Here is the beginning of Robert Amsterdam’s latest contribution to Huffington Post:
It really is impressive the level of tolerance we’ve built up when it comes to Russia’s confrontational antics. Take for example the move in early August to deploy two Akula II-class nuclear attack submarines off the East Coast of the United States. The Pentagon quickly discarded any potential threat from the stunt, which was only slightly more diplomatic than the response to the resumption of bomber patrols: “If Russia feels as though they want to take some of these old aircraft out of mothballs and get them flying again, that’s their decision,” a State Department rep quipped back in 2007.
It’s the same story with the Europeans. At the end of the G8 Summit, Russian President Dmitry Medvedev resurrected his threat to place Iskander missiles in the Kaliningrad enclave, shortly followed by Ukrainian police stopping a Russian military convoy hauling missiles around Sevastopol streets. What can they do but shrug before this kind of behavior? Back in 2008 the Polish Defense Minister politely pointed out how often these threats come from Moscow: “Of course we don’t like it when the Russian president or Russian generals threaten us with nuclear annihilation. It is not a friendly thing to do, and we have asked them to do it no more than once a month.” (…)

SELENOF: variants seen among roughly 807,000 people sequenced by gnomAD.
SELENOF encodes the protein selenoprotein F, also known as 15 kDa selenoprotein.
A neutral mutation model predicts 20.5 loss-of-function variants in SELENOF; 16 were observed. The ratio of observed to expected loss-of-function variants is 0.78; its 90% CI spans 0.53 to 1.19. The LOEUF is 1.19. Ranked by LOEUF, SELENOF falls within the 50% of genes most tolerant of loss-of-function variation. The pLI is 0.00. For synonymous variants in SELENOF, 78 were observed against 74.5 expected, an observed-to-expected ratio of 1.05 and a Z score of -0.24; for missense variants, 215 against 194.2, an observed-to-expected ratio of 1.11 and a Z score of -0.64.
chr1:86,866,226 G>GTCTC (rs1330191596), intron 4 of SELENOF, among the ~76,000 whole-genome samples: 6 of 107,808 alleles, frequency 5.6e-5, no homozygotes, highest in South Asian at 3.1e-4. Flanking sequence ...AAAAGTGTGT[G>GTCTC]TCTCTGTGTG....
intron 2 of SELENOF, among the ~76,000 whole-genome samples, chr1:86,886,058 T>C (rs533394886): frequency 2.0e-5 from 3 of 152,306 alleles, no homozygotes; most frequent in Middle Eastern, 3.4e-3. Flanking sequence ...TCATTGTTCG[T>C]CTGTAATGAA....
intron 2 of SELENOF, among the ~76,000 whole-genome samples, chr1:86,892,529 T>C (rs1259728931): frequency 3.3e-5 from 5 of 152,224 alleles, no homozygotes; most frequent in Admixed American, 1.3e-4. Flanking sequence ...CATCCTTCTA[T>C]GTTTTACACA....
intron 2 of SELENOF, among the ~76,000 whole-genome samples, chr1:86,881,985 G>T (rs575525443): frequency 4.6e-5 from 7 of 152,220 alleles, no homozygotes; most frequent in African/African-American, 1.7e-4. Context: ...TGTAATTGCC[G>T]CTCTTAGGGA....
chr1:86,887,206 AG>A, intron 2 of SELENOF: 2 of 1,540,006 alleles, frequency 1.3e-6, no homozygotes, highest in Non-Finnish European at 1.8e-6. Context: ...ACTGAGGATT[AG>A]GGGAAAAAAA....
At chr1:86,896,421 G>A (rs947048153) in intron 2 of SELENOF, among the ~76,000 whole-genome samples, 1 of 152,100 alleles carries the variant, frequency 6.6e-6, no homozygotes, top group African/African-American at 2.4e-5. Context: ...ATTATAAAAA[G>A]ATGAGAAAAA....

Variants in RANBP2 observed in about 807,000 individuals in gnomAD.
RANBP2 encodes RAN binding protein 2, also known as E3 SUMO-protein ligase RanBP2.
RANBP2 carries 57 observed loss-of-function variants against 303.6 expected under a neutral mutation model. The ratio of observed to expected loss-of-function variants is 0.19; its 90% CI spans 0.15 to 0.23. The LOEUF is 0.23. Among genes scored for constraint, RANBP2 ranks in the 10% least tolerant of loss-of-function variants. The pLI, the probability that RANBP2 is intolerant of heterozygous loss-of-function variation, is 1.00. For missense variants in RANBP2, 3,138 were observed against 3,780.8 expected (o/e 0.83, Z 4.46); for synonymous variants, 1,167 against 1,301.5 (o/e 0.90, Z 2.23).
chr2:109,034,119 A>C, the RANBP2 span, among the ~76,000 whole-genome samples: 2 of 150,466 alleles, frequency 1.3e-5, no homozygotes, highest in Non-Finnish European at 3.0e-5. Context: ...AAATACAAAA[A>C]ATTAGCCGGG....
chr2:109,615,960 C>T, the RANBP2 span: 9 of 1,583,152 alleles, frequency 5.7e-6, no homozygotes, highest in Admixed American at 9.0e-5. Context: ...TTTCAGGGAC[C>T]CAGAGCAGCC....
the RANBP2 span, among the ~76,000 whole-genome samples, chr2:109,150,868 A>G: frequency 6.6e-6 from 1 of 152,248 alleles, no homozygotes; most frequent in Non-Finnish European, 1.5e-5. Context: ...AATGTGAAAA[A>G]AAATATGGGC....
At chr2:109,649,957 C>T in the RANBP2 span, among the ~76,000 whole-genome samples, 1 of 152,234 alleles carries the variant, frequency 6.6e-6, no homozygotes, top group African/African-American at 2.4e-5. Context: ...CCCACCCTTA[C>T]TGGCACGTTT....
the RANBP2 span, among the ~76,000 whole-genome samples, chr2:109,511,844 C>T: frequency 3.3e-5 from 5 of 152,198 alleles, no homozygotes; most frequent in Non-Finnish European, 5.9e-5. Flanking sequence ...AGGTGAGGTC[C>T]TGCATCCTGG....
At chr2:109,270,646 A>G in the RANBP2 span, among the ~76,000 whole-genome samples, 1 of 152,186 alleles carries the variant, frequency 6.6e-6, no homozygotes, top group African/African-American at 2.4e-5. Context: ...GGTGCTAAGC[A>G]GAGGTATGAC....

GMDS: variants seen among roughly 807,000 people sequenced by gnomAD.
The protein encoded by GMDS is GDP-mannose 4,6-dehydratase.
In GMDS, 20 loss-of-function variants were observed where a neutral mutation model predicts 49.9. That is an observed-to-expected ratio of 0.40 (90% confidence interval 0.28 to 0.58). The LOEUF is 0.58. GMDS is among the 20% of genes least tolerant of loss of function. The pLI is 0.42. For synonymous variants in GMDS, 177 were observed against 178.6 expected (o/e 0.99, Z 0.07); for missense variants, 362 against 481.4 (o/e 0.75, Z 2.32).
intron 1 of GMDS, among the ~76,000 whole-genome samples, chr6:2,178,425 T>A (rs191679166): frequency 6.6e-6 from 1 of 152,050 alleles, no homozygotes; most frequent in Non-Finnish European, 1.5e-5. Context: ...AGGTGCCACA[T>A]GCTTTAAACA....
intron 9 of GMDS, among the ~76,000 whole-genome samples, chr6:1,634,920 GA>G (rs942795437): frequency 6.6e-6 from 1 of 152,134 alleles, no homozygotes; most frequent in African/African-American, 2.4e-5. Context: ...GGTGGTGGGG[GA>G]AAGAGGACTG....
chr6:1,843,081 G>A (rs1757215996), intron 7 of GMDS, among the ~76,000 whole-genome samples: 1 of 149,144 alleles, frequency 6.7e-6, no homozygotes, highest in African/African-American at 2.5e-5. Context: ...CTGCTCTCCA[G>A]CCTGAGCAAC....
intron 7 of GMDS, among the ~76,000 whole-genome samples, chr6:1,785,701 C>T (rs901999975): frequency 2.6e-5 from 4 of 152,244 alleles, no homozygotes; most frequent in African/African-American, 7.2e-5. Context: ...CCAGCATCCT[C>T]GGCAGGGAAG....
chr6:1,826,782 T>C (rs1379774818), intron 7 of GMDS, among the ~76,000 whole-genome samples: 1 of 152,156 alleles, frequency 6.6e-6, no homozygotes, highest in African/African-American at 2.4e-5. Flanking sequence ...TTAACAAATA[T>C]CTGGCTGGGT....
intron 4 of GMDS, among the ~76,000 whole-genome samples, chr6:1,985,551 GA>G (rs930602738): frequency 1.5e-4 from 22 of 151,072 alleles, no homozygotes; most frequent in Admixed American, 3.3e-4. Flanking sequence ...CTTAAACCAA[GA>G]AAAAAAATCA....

So the question is why Russia bothers to go through the motions – sending Soviet era submarines of a rapidly degrading naval fleet, flying bombers which belong in a museum, or otherwise huffing and puffing in anger with all their aging military toys? They know that we know that actual military capabilities do match the hostility of the rhetoric, and they can predict our response. With these growing problems at home, how does the muscle flexing serve Russian interests?
Photo credit: Russian President Dmitry Medvedev is seen during the recording of an address for his personal Internet site at the Bocharov Ruchei presidential residence near the Black Sea resort of Sochi, Russia, early Tuesday, Aug. 11, 2009. Medvedev has criticized Ukraine’s leadership and says he won’t send a new ambassador until relations improve. (AP Photo)